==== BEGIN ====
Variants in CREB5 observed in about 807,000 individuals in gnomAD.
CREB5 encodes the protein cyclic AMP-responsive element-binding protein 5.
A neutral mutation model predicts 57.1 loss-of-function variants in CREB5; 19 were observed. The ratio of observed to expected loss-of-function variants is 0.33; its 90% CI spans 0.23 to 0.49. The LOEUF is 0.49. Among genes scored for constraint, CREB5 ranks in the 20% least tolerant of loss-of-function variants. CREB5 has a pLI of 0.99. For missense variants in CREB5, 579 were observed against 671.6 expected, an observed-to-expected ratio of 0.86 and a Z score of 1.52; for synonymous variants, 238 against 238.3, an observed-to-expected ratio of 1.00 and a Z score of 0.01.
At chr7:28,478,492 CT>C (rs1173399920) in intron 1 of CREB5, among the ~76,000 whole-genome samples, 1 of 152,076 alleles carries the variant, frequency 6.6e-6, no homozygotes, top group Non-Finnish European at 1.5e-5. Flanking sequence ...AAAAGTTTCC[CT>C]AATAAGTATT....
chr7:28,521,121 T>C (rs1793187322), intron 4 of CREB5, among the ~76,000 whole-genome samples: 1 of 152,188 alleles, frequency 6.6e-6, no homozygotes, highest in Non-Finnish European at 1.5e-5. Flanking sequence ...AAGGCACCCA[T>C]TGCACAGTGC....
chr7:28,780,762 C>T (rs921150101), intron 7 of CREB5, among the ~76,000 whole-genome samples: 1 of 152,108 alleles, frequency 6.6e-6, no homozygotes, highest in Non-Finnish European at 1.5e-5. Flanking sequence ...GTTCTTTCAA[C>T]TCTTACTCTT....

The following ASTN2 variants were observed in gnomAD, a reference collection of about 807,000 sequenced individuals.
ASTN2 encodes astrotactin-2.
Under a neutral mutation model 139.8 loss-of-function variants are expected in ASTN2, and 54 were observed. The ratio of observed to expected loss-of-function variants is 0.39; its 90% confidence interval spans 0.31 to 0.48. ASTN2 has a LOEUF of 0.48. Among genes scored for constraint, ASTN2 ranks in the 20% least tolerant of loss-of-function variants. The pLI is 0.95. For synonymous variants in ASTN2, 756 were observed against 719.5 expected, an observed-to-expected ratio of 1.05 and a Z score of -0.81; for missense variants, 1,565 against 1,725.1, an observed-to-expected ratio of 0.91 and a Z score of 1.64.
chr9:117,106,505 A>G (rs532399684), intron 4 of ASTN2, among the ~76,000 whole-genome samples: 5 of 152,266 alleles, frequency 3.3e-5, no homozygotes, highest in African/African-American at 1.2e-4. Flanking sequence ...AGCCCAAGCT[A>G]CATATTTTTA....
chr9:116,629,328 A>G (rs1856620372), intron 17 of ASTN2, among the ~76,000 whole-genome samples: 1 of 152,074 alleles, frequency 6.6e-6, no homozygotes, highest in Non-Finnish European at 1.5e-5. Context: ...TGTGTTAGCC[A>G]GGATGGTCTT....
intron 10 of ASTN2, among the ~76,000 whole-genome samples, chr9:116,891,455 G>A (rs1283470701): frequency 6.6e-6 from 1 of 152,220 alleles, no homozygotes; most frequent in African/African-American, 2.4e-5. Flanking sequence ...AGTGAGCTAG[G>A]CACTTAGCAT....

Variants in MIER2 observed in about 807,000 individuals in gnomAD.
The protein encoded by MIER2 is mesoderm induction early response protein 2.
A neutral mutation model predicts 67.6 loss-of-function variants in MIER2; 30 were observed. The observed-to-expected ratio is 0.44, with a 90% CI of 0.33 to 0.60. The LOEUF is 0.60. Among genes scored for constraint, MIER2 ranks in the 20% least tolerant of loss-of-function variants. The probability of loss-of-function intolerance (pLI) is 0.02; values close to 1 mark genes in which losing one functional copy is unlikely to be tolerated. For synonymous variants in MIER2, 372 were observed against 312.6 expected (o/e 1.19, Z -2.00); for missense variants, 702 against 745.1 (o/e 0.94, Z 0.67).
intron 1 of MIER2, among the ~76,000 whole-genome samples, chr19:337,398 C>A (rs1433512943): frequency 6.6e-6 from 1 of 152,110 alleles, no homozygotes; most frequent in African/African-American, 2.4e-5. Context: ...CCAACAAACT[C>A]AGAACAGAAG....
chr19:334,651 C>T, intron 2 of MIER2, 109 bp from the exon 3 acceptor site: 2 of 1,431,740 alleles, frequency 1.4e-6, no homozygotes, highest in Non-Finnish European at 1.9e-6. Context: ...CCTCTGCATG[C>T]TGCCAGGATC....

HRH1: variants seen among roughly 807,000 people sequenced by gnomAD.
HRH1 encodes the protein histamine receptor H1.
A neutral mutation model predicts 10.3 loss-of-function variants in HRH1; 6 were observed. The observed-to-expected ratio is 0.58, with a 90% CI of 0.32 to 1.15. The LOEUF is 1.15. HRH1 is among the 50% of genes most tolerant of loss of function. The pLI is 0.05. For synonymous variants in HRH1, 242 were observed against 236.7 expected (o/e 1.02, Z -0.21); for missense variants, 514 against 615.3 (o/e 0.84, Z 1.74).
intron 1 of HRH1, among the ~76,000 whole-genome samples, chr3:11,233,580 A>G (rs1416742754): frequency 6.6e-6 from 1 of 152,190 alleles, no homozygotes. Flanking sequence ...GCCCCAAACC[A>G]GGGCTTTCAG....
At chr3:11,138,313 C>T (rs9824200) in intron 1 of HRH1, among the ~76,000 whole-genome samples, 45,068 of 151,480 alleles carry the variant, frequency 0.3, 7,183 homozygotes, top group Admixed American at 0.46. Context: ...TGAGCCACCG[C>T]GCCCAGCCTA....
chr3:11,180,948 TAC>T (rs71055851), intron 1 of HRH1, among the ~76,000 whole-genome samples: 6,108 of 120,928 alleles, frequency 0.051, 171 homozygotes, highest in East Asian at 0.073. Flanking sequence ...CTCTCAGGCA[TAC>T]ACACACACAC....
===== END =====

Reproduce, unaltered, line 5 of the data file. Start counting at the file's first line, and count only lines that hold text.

chr7:28,521,121 T>C (rs1793187322), intron 4 of CREB5, among the ~76,000 whole-genome samples: 1 of 152,188 alleles, frequency 6.6e-6, no homozygotes, highest in Non-Finnish European at 1.5e-5. Flanking sequence ...AAGGCACCCA[T>C]TGCACAGTGC....